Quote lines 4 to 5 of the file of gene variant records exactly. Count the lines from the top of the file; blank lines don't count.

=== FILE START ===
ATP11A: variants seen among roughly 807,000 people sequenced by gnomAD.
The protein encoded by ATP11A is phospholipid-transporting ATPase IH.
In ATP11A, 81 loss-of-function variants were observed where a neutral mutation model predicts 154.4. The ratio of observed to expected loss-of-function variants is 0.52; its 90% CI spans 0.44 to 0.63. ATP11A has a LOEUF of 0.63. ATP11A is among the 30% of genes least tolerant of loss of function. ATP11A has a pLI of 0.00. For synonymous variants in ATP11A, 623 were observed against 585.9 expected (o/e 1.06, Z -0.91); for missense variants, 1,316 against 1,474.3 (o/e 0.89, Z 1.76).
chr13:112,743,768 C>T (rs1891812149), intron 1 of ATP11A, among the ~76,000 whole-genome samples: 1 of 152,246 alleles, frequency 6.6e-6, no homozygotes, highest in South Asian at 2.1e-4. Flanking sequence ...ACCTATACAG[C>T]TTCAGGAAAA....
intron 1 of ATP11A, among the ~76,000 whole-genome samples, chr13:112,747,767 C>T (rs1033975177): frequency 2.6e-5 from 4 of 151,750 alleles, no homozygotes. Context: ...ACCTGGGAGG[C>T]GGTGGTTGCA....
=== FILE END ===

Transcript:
chr13:112,743,768 C>T (rs1891812149), intron 1 of ATP11A, among the ~76,000 whole-genome samples: 1 of 152,246 alleles, frequency 6.6e-6, no homozygotes, highest in South Asian at 2.1e-4. Flanking sequence ...ACCTATACAG[C>T]TTCAGGAAAA....
intron 1 of ATP11A, among the ~76,000 whole-genome samples, chr13:112,747,767 C>T (rs1033975177): frequency 2.6e-5 from 4 of 151,750 alleles, no homozygotes. Context: ...ACCTGGGAGG[C>T]GGTGGTTGCA....